n the foothills of the Himalayas, the Potong Tea Garden, once a ourselves. We have a
colonial plantation, now collectively run by its workers, is making new structure and we can
history. If this revolutionary new model is successful, not only will work with dignity and for
it generate significant improvements for the garden’s 350 workers and our own development
their families, but the seeds planted in Darjeeling, India, could help and
spark a badly needed transformation of the tea industry. Equal Old tea bushes at for no
Exchange is proud to partner with the Potong worker-owners and food Potong Tea Garden one
co-ops across the United States to support this exciting social, else.
economic, and environmentally sustainable small farmer tea model. We This is our model; if we
believe partnerships such as these hold the key to the future of a fair and are successful, then we
equitable tea system. will have a future.”
The Potong Tea Garden represents a unique The workers are learning to own,
effort to address a difficult challenge: how to manage, and operate their tea garden.
build a new tea system out of a decaying and With training and technical assistance
crumbling plantation model that remains from TPI, they are learning new skills,
largely unchanged from the days of the British taking risks, and rebuilding operations.
Empire. Approximately 50 million workers Decades of neglect, however, have also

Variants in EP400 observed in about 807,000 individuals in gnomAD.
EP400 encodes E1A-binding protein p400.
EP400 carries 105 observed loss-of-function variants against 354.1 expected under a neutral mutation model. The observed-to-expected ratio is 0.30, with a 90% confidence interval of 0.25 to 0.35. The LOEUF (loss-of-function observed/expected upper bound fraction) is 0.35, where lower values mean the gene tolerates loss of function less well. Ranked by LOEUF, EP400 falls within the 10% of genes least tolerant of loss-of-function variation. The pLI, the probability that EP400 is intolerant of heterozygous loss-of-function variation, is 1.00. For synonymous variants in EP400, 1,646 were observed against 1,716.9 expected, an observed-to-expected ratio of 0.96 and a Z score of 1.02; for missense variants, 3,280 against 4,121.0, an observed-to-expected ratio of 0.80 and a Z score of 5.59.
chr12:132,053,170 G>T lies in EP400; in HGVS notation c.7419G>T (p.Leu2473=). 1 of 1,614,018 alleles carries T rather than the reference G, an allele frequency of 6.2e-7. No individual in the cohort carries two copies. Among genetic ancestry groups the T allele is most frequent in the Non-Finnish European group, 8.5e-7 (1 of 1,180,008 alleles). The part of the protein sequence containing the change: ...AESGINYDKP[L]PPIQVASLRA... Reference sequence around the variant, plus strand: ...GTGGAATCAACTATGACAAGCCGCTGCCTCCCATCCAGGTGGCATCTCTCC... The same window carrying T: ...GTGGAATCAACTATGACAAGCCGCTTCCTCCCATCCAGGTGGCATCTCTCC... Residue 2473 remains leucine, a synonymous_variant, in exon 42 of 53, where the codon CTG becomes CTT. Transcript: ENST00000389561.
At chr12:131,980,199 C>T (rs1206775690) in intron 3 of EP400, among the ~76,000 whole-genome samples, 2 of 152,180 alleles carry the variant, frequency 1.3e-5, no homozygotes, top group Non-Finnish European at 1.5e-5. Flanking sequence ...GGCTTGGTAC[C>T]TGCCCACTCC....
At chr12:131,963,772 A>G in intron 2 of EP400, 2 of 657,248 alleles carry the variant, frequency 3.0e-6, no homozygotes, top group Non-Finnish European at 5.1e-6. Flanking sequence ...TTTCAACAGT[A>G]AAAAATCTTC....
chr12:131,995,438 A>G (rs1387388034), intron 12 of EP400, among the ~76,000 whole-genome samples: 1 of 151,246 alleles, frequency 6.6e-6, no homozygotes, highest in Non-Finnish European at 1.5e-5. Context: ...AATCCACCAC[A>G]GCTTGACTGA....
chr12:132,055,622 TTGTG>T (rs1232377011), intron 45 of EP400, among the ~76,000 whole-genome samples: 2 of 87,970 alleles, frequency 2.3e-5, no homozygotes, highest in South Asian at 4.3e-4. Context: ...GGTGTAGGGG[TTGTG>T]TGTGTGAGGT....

throughout the developing world make their taken their toll on farm productivity.
livelihoods from this industry. Sadly, even We were told that some of the tea
consumers trying to make ethical purchases bushes are the original bushes that
might still unknowingly prop up this archaic were planted when Lincoln was
plantation system. Even 98 percent of tea that president, in 1860. Production is half
is labeled “Fair Trade” is sourced from large- what it could be, as many of the tea
scale plantations still working with bonded labor Members of Potong Tea Community bushes have died, leaving acres of
and other fallow land.
vestiges of colonial legacy. Potong’s leaders are working hard alongside TPI to bring about badly
Due to the feudal nature of tea needed economic and social change. They understand that
plantations, workers are often environmental restoration and farm maintenance are equally important
trapped in a system of to the equation. The need for new tea bushes, organic fertilizer, and
dependency. In many cases, improved irrigation systems is critical to their success. For this reason,
workers receive their housing, TPI asked Equal Exchange to partner with them and invest in the
schooling and medical care planting of new tea bushes. Equal Exchange is inviting the PFC and
from the estate. If a worker loses their shoppers and members to participate in this exciting new
his/her job, or if the plantation is experiment in worker control and small farmer empowerment.
abandoned, workers and their During the month of October, for each Equal Exchange product sold
families are left without any through food co-ops, Equal Exhange will donate 25¢ (up to $15,000) to
Old tea bushes at form of income, housing, or
Potong Tea Garden the Potong community for the planting of 30,000 new tea bushes.
services. Tea workers need
committed fair traders and When the original bushes were planted during Lincoln’s presidency, the
consumers to take action now to create a new model based on human tea garden experienced its first phase of labor and land use. This next
rights and economic justice. round of tea planting, and worker ownership and control, provide an
opportunity to begin anew, to reconsider and rebuild a better and more
Established over 100 years ago by the British, Potong Tea Garden was sustainable tea model. We can learn from the past, be creative, and